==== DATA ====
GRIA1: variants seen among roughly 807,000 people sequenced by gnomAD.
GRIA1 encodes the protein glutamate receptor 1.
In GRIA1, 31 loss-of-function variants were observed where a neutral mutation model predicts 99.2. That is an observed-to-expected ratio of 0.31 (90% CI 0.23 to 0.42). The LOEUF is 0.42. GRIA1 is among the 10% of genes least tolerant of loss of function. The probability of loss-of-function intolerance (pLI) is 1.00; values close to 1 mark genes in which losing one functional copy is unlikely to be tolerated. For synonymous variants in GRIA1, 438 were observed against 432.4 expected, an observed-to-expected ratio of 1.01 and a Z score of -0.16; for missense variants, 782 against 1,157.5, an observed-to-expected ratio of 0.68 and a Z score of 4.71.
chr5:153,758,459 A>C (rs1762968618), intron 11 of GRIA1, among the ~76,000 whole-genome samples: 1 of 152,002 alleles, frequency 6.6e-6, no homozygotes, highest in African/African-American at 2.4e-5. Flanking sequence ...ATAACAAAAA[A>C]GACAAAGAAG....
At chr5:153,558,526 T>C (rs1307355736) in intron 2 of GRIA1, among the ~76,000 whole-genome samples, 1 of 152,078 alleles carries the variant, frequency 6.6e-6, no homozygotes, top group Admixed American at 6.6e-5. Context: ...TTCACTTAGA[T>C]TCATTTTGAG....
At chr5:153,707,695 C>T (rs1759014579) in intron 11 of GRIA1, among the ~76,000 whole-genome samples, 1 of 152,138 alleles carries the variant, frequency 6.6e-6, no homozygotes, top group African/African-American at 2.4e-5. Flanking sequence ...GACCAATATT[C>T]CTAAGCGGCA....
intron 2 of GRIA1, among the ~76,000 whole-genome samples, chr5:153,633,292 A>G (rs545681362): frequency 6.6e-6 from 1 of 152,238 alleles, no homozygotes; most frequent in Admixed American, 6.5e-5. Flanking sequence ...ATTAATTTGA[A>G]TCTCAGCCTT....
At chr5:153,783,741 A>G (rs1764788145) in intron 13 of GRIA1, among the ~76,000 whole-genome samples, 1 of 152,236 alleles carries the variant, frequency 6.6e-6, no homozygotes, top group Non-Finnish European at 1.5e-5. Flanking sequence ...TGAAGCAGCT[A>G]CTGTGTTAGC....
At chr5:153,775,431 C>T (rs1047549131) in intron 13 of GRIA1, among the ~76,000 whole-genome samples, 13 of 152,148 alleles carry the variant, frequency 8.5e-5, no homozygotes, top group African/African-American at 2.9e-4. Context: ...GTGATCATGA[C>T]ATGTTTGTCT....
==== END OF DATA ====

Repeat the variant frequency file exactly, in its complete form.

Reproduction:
GRIA1: variants seen among roughly 807,000 people sequenced by gnomAD.
GRIA1 encodes the protein glutamate receptor 1.
In GRIA1, 31 loss-of-function variants were observed where a neutral mutation model predicts 99.2. That is an observed-to-expected ratio of 0.31 (90% CI 0.23 to 0.42). The LOEUF is 0.42. GRIA1 is among the 10% of genes least tolerant of loss of function. The probability of loss-of-function intolerance (pLI) is 1.00; values close to 1 mark genes in which losing one functional copy is unlikely to be tolerated. For synonymous variants in GRIA1, 438 were observed against 432.4 expected, an observed-to-expected ratio of 1.01 and a Z score of -0.16; for missense variants, 782 against 1,157.5, an observed-to-expected ratio of 0.68 and a Z score of 4.71.
chr5:153,758,459 A>C (rs1762968618), intron 11 of GRIA1, among the ~76,000 whole-genome samples: 1 of 152,002 alleles, frequency 6.6e-6, no homozygotes, highest in African/African-American at 2.4e-5. Flanking sequence ...ATAACAAAAA[A>C]GACAAAGAAG....
At chr5:153,558,526 T>C (rs1307355736) in intron 2 of GRIA1, among the ~76,000 whole-genome samples, 1 of 152,078 alleles carries the variant, frequency 6.6e-6, no homozygotes, top group Admixed American at 6.6e-5. Context: ...TTCACTTAGA[T>C]TCATTTTGAG....
At chr5:153,707,695 C>T (rs1759014579) in intron 11 of GRIA1, among the ~76,000 whole-genome samples, 1 of 152,138 alleles carries the variant, frequency 6.6e-6, no homozygotes, top group African/African-American at 2.4e-5. Flanking sequence ...GACCAATATT[C>T]CTAAGCGGCA....
intron 2 of GRIA1, among the ~76,000 whole-genome samples, chr5:153,633,292 A>G (rs545681362): frequency 6.6e-6 from 1 of 152,238 alleles, no homozygotes; most frequent in Admixed American, 6.5e-5. Flanking sequence ...ATTAATTTGA[A>G]TCTCAGCCTT....
At chr5:153,783,741 A>G (rs1764788145) in intron 13 of GRIA1, among the ~76,000 whole-genome samples, 1 of 152,236 alleles carries the variant, frequency 6.6e-6, no homozygotes, top group Non-Finnish European at 1.5e-5. Flanking sequence ...TGAAGCAGCT[A>G]CTGTGTTAGC....
At chr5:153,775,431 C>T (rs1047549131) in intron 13 of GRIA1, among the ~76,000 whole-genome samples, 13 of 152,148 alleles carry the variant, frequency 8.5e-5, no homozygotes, top group African/African-American at 2.9e-4. Context: ...GTGATCATGA[C>T]ATGTTTGTCT....